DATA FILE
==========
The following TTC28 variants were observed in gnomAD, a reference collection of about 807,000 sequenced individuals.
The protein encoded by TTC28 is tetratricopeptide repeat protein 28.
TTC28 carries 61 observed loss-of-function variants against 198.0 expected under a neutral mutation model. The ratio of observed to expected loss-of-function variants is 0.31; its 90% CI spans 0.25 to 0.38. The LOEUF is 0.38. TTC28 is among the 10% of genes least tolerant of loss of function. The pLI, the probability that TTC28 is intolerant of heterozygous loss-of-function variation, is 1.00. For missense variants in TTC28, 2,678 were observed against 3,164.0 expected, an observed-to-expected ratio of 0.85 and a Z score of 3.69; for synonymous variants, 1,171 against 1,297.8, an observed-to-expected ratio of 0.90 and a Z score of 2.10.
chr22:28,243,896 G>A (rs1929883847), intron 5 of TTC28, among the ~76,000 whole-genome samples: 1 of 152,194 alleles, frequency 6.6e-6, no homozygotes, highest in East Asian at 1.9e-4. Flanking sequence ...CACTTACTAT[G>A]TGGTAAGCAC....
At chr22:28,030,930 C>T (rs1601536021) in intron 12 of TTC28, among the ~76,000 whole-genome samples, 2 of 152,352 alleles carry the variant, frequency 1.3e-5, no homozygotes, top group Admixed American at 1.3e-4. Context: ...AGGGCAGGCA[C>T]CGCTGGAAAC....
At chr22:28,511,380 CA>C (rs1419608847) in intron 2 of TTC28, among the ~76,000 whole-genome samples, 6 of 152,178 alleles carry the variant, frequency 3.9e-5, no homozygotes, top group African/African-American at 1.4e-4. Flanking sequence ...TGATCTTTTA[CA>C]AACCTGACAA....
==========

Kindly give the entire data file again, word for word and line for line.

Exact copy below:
The following TTC28 variants were observed in gnomAD, a reference collection of about 807,000 sequenced individuals.
The protein encoded by TTC28 is tetratricopeptide repeat protein 28.
TTC28 carries 61 observed loss-of-function variants against 198.0 expected under a neutral mutation model. The ratio of observed to expected loss-of-function variants is 0.31; its 90% CI spans 0.25 to 0.38. The LOEUF is 0.38. TTC28 is among the 10% of genes least tolerant of loss of function. The pLI, the probability that TTC28 is intolerant of heterozygous loss-of-function variation, is 1.00. For missense variants in TTC28, 2,678 were observed against 3,164.0 expected, an observed-to-expected ratio of 0.85 and a Z score of 3.69; for synonymous variants, 1,171 against 1,297.8, an observed-to-expected ratio of 0.90 and a Z score of 2.10.
chr22:28,243,896 G>A (rs1929883847), intron 5 of TTC28, among the ~76,000 whole-genome samples: 1 of 152,194 alleles, frequency 6.6e-6, no homozygotes, highest in East Asian at 1.9e-4. Flanking sequence ...CACTTACTAT[G>A]TGGTAAGCAC....
At chr22:28,030,930 C>T (rs1601536021) in intron 12 of TTC28, among the ~76,000 whole-genome samples, 2 of 152,352 alleles carry the variant, frequency 1.3e-5, no homozygotes, top group Admixed American at 1.3e-4. Context: ...AGGGCAGGCA[C>T]CGCTGGAAAC....
At chr22:28,511,380 CA>C (rs1419608847) in intron 2 of TTC28, among the ~76,000 whole-genome samples, 6 of 152,178 alleles carry the variant, frequency 3.9e-5, no homozygotes, top group African/African-American at 1.4e-4. Flanking sequence ...TGATCTTTTA[CA>C]AACCTGACAA....